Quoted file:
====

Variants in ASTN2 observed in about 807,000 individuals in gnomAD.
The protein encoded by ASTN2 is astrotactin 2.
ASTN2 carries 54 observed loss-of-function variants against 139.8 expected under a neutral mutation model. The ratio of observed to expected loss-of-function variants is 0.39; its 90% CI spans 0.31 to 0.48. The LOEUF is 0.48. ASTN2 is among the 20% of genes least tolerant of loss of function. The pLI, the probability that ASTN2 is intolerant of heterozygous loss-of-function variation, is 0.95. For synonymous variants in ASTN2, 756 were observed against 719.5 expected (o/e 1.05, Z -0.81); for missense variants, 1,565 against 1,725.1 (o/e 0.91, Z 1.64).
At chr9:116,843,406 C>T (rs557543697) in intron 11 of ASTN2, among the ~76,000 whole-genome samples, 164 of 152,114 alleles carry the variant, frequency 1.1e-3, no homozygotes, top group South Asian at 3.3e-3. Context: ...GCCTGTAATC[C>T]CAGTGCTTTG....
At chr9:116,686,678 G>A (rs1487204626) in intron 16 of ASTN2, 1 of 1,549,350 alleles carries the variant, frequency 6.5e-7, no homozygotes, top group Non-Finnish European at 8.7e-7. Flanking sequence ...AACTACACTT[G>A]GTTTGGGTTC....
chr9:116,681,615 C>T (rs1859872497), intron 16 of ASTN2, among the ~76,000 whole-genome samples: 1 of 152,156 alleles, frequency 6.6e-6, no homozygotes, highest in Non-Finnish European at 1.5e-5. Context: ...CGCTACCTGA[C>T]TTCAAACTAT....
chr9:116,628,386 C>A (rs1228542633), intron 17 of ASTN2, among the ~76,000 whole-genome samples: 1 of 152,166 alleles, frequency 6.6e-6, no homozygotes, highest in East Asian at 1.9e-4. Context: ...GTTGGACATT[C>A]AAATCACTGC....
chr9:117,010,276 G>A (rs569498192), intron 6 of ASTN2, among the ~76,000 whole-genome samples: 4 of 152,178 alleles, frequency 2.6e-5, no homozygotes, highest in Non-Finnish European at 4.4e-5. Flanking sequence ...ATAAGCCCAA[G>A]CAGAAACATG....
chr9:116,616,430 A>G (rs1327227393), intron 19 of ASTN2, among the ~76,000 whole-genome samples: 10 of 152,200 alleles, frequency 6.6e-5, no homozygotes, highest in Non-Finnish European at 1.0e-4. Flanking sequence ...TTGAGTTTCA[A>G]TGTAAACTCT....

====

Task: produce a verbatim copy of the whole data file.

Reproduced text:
Variants in ASTN2 observed in about 807,000 individuals in gnomAD.
The protein encoded by ASTN2 is astrotactin 2.
ASTN2 carries 54 observed loss-of-function variants against 139.8 expected under a neutral mutation model. The ratio of observed to expected loss-of-function variants is 0.39; its 90% CI spans 0.31 to 0.48. The LOEUF is 0.48. ASTN2 is among the 20% of genes least tolerant of loss of function. The pLI, the probability that ASTN2 is intolerant of heterozygous loss-of-function variation, is 0.95. For synonymous variants in ASTN2, 756 were observed against 719.5 expected (o/e 1.05, Z -0.81); for missense variants, 1,565 against 1,725.1 (o/e 0.91, Z 1.64).
At chr9:116,843,406 C>T (rs557543697) in intron 11 of ASTN2, among the ~76,000 whole-genome samples, 164 of 152,114 alleles carry the variant, frequency 1.1e-3, no homozygotes, top group South Asian at 3.3e-3. Context: ...GCCTGTAATC[C>T]CAGTGCTTTG....
At chr9:116,686,678 G>A (rs1487204626) in intron 16 of ASTN2, 1 of 1,549,350 alleles carries the variant, frequency 6.5e-7, no homozygotes, top group Non-Finnish European at 8.7e-7. Flanking sequence ...AACTACACTT[G>A]GTTTGGGTTC....
chr9:116,681,615 C>T (rs1859872497), intron 16 of ASTN2, among the ~76,000 whole-genome samples: 1 of 152,156 alleles, frequency 6.6e-6, no homozygotes, highest in Non-Finnish European at 1.5e-5. Context: ...CGCTACCTGA[C>T]TTCAAACTAT....
chr9:116,628,386 C>A (rs1228542633), intron 17 of ASTN2, among the ~76,000 whole-genome samples: 1 of 152,166 alleles, frequency 6.6e-6, no homozygotes, highest in East Asian at 1.9e-4. Context: ...GTTGGACATT[C>A]AAATCACTGC....
chr9:117,010,276 G>A (rs569498192), intron 6 of ASTN2, among the ~76,000 whole-genome samples: 4 of 152,178 alleles, frequency 2.6e-5, no homozygotes, highest in Non-Finnish European at 4.4e-5. Flanking sequence ...ATAAGCCCAA[G>A]CAGAAACATG....
chr9:116,616,430 A>G (rs1327227393), intron 19 of ASTN2, among the ~76,000 whole-genome samples: 10 of 152,200 alleles, frequency 6.6e-5, no homozygotes, highest in Non-Finnish European at 1.0e-4. Flanking sequence ...TTGAGTTTCA[A>G]TGTAAACTCT....